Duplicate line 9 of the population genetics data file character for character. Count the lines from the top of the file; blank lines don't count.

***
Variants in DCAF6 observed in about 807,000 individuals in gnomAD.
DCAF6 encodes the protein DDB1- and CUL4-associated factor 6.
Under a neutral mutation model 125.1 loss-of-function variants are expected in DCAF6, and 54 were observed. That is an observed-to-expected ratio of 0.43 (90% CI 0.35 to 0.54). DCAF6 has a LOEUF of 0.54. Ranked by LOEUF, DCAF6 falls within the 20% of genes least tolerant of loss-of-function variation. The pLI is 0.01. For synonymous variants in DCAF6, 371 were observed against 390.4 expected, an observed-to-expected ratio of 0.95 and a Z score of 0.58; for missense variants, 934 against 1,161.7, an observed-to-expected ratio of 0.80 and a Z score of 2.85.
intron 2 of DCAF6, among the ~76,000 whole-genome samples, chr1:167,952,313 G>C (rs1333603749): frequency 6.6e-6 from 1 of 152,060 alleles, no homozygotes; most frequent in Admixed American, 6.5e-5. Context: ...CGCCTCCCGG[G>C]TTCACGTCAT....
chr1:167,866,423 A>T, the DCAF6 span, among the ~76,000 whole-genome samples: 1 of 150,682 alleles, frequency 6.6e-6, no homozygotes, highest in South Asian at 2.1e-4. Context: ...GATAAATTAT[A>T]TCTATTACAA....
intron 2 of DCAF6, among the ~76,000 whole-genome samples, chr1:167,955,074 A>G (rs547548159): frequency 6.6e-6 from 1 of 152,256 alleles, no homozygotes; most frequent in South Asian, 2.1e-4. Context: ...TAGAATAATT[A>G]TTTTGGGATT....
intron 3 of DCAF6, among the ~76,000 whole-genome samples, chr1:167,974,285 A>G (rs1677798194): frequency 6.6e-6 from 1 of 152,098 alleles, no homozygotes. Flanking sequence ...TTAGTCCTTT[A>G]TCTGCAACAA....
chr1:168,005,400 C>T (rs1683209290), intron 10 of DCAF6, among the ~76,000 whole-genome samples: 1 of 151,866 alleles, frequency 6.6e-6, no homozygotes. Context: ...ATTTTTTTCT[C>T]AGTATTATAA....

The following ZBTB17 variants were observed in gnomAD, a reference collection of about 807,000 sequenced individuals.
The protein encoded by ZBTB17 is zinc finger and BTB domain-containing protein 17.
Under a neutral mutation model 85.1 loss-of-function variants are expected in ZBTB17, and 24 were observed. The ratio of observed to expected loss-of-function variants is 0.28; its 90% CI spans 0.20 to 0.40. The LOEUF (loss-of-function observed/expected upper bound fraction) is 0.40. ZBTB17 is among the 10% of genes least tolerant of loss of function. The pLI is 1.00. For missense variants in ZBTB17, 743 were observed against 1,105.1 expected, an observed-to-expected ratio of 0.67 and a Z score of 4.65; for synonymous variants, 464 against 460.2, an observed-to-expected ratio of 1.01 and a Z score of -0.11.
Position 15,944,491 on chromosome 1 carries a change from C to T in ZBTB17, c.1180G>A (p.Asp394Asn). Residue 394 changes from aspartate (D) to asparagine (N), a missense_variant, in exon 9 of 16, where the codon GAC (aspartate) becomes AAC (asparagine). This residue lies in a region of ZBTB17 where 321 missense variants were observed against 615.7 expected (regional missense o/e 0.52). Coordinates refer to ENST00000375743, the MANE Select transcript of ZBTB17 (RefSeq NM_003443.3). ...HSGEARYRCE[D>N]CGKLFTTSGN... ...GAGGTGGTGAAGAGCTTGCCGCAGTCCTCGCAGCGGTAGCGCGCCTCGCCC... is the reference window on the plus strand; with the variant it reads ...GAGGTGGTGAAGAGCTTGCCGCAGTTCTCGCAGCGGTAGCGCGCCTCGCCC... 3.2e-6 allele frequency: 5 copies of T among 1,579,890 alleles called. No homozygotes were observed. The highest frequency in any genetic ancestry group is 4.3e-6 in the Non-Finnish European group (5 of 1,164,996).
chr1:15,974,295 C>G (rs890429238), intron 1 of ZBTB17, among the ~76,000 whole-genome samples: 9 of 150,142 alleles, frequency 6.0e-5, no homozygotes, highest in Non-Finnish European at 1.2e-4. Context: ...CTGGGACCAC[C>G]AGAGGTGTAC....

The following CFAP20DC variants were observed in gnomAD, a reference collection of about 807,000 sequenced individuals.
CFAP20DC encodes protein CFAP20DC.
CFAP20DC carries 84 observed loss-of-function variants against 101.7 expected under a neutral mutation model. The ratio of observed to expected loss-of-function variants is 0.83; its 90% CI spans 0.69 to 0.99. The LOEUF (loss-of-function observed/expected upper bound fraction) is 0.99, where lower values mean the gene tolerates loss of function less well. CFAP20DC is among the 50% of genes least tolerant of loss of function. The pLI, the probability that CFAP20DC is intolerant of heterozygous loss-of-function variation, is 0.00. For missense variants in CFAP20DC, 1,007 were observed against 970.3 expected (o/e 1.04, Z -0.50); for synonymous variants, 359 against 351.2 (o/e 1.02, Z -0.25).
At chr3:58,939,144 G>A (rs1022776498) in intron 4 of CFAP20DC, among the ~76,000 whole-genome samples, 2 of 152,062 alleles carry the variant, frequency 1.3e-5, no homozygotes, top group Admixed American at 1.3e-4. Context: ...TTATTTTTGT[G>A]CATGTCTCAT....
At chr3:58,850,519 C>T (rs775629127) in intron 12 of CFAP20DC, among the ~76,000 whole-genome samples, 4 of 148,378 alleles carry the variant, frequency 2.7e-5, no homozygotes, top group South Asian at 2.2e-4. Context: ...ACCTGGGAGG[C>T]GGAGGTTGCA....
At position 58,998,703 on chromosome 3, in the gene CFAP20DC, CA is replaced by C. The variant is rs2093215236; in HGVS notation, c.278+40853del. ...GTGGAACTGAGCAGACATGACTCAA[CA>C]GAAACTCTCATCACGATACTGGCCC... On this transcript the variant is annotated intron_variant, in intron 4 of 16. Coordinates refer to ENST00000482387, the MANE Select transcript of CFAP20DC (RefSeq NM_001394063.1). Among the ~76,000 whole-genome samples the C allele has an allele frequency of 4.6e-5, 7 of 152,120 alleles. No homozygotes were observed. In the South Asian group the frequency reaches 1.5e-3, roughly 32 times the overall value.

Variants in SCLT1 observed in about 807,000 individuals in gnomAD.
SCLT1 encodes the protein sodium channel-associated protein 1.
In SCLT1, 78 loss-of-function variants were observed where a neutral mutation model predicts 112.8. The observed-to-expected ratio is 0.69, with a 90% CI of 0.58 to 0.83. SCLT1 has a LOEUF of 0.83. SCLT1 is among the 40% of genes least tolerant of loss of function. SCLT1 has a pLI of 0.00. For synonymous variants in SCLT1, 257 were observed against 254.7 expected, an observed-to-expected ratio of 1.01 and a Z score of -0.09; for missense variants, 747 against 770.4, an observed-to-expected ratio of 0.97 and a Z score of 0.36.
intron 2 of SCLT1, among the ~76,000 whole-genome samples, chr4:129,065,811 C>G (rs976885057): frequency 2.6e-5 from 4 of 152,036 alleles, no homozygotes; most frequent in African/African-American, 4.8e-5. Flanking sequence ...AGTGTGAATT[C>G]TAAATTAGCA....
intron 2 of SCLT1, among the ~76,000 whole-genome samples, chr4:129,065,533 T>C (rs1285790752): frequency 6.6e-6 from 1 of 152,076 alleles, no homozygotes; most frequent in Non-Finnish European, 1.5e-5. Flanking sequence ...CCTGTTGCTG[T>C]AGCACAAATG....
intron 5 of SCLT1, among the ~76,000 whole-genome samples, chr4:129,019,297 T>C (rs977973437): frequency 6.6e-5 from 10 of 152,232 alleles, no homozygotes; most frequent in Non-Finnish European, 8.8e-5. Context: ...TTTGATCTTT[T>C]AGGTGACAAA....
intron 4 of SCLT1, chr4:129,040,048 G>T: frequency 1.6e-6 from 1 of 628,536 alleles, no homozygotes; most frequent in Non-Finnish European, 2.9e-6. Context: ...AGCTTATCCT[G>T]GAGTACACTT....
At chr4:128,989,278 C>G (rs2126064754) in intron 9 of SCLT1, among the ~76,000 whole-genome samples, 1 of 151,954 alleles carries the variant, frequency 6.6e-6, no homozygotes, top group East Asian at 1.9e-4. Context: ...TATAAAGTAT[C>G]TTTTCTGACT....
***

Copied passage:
The following ZBTB17 variants were observed in gnomAD, a reference collection of about 807,000 sequenced individuals.